Inside this issue
• Banks are increasingly focused on women
• In finance, getting a business started is the biggest obstacle
• Campaigners are looking to more liberal Muslim countries for inspiration - -
Economics is driving Arab women’s growing involvement in business, says Roula Khalaf.
Arab women suffer from lack of access to capital, writes Roula Khalaf.
Getting a business started is the single greatest challenge, says Andrew England.
Gulf women are learning to compete, writes Simeon Kerr.
The Financial Times list aims to tell the story of emerging role models. It is not designed as a guide to the most powerful or influential Arab businesswomen.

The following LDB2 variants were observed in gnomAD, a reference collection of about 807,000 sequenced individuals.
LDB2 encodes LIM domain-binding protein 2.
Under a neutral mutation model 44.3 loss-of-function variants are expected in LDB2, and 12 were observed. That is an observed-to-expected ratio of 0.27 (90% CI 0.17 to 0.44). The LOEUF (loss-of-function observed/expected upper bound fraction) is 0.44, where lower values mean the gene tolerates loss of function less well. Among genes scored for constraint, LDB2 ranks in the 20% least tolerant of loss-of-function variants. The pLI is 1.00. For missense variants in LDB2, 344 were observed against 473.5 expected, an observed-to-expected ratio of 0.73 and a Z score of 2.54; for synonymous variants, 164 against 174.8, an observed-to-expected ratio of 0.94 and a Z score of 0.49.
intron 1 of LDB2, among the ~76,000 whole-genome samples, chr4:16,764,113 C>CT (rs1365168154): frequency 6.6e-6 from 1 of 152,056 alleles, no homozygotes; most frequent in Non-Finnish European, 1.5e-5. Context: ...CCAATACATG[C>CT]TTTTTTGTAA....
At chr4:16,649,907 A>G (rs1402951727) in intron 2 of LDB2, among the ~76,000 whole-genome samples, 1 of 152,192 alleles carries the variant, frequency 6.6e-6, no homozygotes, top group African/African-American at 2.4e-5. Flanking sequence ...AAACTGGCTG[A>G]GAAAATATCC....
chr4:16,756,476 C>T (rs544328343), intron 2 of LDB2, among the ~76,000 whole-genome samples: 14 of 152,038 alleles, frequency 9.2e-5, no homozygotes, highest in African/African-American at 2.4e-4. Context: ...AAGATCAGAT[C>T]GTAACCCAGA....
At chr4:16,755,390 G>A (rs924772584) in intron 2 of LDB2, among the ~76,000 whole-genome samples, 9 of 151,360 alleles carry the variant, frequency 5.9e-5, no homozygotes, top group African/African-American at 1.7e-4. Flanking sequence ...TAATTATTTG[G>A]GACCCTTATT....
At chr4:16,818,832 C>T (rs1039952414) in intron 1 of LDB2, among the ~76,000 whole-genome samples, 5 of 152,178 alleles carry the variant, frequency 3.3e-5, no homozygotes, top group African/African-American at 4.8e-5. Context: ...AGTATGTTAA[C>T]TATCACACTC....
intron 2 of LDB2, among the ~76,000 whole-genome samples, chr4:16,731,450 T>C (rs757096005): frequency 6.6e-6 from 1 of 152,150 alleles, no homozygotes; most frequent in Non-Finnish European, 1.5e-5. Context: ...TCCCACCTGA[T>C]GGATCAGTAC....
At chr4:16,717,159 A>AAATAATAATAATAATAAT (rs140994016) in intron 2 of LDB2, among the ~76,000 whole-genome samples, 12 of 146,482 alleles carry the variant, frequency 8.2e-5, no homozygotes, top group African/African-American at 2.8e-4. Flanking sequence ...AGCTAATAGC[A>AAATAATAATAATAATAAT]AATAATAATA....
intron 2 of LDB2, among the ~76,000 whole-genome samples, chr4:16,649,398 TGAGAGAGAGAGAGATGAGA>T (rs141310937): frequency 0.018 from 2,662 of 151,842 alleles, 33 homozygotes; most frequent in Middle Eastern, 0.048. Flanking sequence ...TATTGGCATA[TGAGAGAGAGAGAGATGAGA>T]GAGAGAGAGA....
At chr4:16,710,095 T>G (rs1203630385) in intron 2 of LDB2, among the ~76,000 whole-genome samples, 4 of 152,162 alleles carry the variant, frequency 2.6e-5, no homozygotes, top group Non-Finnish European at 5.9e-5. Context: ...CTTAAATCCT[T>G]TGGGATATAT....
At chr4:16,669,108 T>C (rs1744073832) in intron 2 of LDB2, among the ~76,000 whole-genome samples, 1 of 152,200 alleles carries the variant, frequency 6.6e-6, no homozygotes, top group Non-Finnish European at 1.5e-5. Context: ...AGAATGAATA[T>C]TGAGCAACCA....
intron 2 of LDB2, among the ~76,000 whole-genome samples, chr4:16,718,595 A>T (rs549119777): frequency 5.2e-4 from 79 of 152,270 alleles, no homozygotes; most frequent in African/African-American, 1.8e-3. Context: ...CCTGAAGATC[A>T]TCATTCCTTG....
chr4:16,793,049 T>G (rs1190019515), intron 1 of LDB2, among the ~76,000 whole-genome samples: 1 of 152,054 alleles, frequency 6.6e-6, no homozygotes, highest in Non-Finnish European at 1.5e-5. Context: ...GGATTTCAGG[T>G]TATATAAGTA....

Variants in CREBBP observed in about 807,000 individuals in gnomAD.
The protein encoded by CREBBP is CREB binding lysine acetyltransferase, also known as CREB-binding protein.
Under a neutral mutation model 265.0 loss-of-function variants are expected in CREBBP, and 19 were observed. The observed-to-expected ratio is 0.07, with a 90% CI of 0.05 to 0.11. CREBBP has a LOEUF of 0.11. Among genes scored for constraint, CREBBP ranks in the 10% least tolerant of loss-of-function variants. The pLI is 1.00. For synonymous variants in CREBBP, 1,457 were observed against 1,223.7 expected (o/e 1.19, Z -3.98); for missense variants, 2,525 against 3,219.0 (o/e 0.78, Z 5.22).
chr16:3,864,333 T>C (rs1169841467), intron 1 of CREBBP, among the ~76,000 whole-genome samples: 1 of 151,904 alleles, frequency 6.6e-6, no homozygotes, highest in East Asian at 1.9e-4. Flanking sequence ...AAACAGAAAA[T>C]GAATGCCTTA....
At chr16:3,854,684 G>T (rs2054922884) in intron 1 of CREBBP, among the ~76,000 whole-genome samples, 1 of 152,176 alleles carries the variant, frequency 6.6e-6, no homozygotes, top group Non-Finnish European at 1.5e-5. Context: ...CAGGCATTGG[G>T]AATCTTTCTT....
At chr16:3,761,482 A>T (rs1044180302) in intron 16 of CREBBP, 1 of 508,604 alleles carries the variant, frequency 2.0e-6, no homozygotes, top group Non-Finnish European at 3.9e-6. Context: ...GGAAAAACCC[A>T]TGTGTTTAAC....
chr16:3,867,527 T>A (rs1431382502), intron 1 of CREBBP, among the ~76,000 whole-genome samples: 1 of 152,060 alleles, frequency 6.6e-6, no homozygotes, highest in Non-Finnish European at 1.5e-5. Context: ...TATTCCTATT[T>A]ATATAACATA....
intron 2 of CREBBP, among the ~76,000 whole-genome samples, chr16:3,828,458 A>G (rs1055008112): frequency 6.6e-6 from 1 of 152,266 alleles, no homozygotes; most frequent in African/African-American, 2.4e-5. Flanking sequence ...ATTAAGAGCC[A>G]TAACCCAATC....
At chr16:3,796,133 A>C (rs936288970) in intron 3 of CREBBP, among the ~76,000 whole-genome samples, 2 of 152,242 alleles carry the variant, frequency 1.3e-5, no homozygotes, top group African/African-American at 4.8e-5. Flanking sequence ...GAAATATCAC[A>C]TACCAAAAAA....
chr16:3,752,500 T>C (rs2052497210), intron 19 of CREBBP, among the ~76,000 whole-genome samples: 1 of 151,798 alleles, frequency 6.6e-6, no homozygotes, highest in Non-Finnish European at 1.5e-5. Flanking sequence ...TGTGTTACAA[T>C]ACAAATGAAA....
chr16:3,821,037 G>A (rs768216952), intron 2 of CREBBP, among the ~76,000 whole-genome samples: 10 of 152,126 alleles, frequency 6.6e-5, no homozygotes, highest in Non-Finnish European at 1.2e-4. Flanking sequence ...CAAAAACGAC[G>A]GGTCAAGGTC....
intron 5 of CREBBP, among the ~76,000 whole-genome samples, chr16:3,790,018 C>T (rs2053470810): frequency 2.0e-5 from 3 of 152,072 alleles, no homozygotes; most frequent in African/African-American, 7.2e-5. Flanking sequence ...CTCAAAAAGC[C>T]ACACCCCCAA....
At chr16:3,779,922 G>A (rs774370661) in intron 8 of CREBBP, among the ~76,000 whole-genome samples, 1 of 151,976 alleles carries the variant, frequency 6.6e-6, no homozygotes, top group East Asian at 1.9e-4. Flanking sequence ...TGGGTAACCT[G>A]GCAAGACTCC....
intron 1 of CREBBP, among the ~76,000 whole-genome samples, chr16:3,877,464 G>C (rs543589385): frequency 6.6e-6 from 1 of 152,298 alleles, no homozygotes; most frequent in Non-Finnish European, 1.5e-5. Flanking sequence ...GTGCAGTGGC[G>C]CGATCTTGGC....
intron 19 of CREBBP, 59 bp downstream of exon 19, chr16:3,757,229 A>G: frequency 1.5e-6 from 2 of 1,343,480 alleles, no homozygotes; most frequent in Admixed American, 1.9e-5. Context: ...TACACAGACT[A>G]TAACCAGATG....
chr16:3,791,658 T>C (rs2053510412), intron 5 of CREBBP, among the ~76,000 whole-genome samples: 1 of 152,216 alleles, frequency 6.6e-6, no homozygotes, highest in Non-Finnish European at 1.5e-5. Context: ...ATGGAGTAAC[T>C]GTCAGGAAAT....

Randa Ayoubi is one of Jordan’s pioneers in multimedia software for education and started Rubicon in 1994, when rural poverty and the lack of teachers in villages was a big issue.
Azza Fahmy’s innovative jewellery has had a strong impact on both Egyptian public taste and on traditional jewellery-making.
Nahed Taher, the chief of Gulf One Investment Bank, has always been an advocate of female emancipation in the kingdom, arguing that Saudi Arabia will never compete globally if it keeps its women idle.
Empowerment needs to spread beyond the elite, says Roula Khalaf.
Multinational companies are recruiting and promoting Arab women as part of their diversity and equal opportunities programmes, says Fiona Symon.